Mind your language
MRS Peter Frencham from Cambridge has written to ask why the river there is called both the Granta and the Cam. It is an odd story.
Cambridge was known in the time of St Bede (circa 735) as Grantacaester, meaning 'the Roman fort on the Gran- ta'. The river name was British and related to the Celtic-Latin gronna, 'bog'. Under Norman influence after the Con- quest, the first r dropped out and the initial G became C, leaving the form Cantebruge by the 12th century, which became Cambrugge by Chaucer's time. This sounded like Cambridge: the bridge over the Cam. So people began to call the river the Cam. Grantchester exists as the name of a separate settlement.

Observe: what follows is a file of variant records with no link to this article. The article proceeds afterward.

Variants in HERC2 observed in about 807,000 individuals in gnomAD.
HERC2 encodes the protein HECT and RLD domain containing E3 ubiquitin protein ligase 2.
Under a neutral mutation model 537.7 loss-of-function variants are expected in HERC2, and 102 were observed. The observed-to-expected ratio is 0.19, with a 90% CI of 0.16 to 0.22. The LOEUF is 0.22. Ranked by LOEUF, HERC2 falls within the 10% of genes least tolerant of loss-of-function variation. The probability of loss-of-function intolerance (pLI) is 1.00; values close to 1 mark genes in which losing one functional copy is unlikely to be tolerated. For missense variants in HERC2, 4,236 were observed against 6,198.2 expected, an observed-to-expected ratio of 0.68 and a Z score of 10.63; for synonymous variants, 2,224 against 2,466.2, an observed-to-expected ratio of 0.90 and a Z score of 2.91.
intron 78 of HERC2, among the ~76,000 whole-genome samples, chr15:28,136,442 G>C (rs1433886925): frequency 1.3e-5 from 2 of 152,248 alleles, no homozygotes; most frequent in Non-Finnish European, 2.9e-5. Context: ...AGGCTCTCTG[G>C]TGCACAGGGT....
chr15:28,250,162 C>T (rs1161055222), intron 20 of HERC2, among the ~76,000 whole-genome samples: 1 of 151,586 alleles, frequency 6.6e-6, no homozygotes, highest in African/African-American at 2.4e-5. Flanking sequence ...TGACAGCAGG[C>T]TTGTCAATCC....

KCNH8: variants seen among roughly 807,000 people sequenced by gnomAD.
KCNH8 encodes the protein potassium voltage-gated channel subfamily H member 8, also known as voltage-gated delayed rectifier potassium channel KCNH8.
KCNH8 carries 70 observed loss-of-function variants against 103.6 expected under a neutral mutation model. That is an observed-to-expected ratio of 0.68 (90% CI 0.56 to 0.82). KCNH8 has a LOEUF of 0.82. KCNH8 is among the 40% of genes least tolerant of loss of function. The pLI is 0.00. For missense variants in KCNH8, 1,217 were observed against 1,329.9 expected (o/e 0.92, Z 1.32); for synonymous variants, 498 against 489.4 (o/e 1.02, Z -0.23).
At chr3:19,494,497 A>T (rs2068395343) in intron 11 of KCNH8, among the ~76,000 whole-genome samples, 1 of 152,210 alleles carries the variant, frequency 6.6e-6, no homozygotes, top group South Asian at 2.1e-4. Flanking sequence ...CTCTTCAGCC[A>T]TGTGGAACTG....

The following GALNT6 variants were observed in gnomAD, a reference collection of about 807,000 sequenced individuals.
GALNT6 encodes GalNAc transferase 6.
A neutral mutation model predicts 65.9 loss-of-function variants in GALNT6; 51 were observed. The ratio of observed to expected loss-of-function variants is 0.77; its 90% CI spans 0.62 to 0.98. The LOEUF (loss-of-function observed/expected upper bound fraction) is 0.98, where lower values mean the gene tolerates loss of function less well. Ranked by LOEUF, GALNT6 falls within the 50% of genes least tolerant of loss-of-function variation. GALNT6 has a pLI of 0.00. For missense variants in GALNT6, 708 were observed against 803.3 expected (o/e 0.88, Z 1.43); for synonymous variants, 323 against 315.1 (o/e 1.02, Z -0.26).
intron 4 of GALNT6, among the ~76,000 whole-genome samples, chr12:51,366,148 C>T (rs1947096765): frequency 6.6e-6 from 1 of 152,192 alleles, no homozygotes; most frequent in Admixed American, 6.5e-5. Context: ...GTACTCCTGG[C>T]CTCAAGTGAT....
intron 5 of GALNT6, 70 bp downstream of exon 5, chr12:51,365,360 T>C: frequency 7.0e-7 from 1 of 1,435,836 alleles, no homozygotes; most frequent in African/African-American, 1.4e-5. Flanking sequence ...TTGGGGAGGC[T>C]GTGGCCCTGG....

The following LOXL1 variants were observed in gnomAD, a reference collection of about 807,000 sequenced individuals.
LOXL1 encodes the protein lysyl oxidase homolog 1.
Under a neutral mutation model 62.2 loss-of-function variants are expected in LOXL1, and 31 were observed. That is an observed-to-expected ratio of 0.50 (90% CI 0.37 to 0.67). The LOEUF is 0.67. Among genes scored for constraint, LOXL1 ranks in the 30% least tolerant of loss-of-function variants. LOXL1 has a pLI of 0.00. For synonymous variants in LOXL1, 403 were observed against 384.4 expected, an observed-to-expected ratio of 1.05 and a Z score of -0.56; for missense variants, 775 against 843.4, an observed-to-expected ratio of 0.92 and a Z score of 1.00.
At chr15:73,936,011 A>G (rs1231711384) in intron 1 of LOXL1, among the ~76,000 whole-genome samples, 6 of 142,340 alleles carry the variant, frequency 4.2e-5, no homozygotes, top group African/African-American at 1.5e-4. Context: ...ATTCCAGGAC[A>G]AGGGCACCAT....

Memorably, in the film The Lord of the Flies, Piggy speaks of Cambridge Town in Surrey being renamed Camber- ley. He spoke truly. The place was called Cambridge Town in 1862, after the Duke of Cambridge. The name was changed to Camberley 'for postal conve- nience'.
The Cam formation is paralleled by the double names for the river at Oxford: Thames and Isis. This is a sur- prisingly early bifurcation (from the 14th century) of a Latin version, Tame- sis. It looks like a joke, being derived from the name of a headstream of the river, Thame, combined with a hypo- thetical Isis to denominate another channel.
There are all sorts of pitfalls in dis- covering the origin of local place names. Do you know yours?